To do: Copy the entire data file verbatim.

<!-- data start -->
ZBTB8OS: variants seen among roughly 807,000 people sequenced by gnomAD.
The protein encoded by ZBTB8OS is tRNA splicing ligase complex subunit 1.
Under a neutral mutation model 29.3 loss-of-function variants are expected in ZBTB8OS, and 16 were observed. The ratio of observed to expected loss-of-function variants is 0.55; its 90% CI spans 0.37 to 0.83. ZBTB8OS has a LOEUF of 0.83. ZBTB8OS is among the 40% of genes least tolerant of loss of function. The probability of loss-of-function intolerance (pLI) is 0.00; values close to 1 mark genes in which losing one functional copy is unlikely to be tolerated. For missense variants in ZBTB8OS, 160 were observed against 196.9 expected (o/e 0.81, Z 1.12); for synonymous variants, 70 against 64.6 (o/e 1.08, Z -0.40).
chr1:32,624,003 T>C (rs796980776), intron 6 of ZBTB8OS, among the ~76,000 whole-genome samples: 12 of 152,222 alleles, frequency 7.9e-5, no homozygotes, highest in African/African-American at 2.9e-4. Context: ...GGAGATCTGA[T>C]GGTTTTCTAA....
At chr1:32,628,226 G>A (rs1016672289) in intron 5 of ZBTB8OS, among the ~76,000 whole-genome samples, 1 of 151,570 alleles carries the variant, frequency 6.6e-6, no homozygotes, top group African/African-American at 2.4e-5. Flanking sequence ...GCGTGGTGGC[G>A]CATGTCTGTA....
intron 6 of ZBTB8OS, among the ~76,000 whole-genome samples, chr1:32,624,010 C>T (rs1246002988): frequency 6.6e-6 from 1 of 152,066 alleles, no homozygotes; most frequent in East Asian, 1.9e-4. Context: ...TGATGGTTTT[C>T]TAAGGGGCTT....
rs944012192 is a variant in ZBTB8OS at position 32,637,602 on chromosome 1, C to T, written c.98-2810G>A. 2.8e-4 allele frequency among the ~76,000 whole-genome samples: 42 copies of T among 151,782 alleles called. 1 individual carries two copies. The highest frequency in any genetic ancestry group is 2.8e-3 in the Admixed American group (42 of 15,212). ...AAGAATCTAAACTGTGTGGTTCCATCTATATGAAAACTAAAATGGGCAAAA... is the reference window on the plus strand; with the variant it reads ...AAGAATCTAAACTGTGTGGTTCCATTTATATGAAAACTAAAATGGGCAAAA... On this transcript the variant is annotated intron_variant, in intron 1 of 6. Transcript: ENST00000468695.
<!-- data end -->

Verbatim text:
ZBTB8OS: variants seen among roughly 807,000 people sequenced by gnomAD.
The protein encoded by ZBTB8OS is tRNA splicing ligase complex subunit 1.
Under a neutral mutation model 29.3 loss-of-function variants are expected in ZBTB8OS, and 16 were observed. The ratio of observed to expected loss-of-function variants is 0.55; its 90% CI spans 0.37 to 0.83. ZBTB8OS has a LOEUF of 0.83. ZBTB8OS is among the 40% of genes least tolerant of loss of function. The probability of loss-of-function intolerance (pLI) is 0.00; values close to 1 mark genes in which losing one functional copy is unlikely to be tolerated. For missense variants in ZBTB8OS, 160 were observed against 196.9 expected (o/e 0.81, Z 1.12); for synonymous variants, 70 against 64.6 (o/e 1.08, Z -0.40).
chr1:32,624,003 T>C (rs796980776), intron 6 of ZBTB8OS, among the ~76,000 whole-genome samples: 12 of 152,222 alleles, frequency 7.9e-5, no homozygotes, highest in African/African-American at 2.9e-4. Context: ...GGAGATCTGA[T>C]GGTTTTCTAA....
At chr1:32,628,226 G>A (rs1016672289) in intron 5 of ZBTB8OS, among the ~76,000 whole-genome samples, 1 of 151,570 alleles carries the variant, frequency 6.6e-6, no homozygotes, top group African/African-American at 2.4e-5. Flanking sequence ...GCGTGGTGGC[G>A]CATGTCTGTA....
intron 6 of ZBTB8OS, among the ~76,000 whole-genome samples, chr1:32,624,010 C>T (rs1246002988): frequency 6.6e-6 from 1 of 152,066 alleles, no homozygotes; most frequent in East Asian, 1.9e-4. Context: ...TGATGGTTTT[C>T]TAAGGGGCTT....
rs944012192 is a variant in ZBTB8OS at position 32,637,602 on chromosome 1, C to T, written c.98-2810G>A. 2.8e-4 allele frequency among the ~76,000 whole-genome samples: 42 copies of T among 151,782 alleles called. 1 individual carries two copies. The highest frequency in any genetic ancestry group is 2.8e-3 in the Admixed American group (42 of 15,212). ...AAGAATCTAAACTGTGTGGTTCCATCTATATGAAAACTAAAATGGGCAAAA... is the reference window on the plus strand; with the variant it reads ...AAGAATCTAAACTGTGTGGTTCCATTTATATGAAAACTAAAATGGGCAAAA... On this transcript the variant is annotated intron_variant, in intron 1 of 6. Transcript: ENST00000468695.